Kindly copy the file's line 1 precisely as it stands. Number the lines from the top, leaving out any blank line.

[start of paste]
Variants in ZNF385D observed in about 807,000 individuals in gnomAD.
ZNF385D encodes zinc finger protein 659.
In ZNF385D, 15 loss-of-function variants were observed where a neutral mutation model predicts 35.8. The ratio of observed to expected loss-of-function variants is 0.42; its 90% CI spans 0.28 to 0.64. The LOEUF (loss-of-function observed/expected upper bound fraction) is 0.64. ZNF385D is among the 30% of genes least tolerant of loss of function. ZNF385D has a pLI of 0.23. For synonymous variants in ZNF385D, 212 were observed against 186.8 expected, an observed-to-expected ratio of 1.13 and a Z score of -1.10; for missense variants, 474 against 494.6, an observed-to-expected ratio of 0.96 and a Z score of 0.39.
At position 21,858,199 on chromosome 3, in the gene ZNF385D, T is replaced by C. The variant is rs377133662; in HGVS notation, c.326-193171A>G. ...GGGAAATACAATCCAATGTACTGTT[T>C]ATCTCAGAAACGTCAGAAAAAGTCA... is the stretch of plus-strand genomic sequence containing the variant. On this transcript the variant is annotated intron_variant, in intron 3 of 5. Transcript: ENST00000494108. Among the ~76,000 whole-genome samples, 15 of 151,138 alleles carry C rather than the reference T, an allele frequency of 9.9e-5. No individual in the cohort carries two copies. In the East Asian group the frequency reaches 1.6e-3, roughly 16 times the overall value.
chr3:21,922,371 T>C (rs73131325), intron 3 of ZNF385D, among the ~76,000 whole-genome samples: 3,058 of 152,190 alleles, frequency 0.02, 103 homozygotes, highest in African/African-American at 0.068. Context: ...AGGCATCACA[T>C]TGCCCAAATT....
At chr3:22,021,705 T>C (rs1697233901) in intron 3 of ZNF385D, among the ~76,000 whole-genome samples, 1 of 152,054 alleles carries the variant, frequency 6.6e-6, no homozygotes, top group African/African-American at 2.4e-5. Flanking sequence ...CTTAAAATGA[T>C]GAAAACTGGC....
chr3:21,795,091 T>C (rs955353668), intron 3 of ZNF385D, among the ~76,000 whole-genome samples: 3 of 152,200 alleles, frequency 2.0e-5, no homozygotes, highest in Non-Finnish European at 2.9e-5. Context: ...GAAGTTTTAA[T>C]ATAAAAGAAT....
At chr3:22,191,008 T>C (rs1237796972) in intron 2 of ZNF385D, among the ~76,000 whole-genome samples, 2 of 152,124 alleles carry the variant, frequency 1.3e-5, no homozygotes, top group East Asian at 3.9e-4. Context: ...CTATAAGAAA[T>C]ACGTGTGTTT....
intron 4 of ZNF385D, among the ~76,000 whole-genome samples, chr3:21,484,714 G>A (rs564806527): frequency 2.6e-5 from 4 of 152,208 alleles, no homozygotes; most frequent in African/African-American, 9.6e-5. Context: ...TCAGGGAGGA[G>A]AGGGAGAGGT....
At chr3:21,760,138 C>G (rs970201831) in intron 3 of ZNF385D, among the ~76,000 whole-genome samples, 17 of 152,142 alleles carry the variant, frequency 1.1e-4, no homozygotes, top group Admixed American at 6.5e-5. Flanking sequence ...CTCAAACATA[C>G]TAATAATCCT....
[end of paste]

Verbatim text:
Variants in ZNF385D observed in about 807,000 individuals in gnomAD.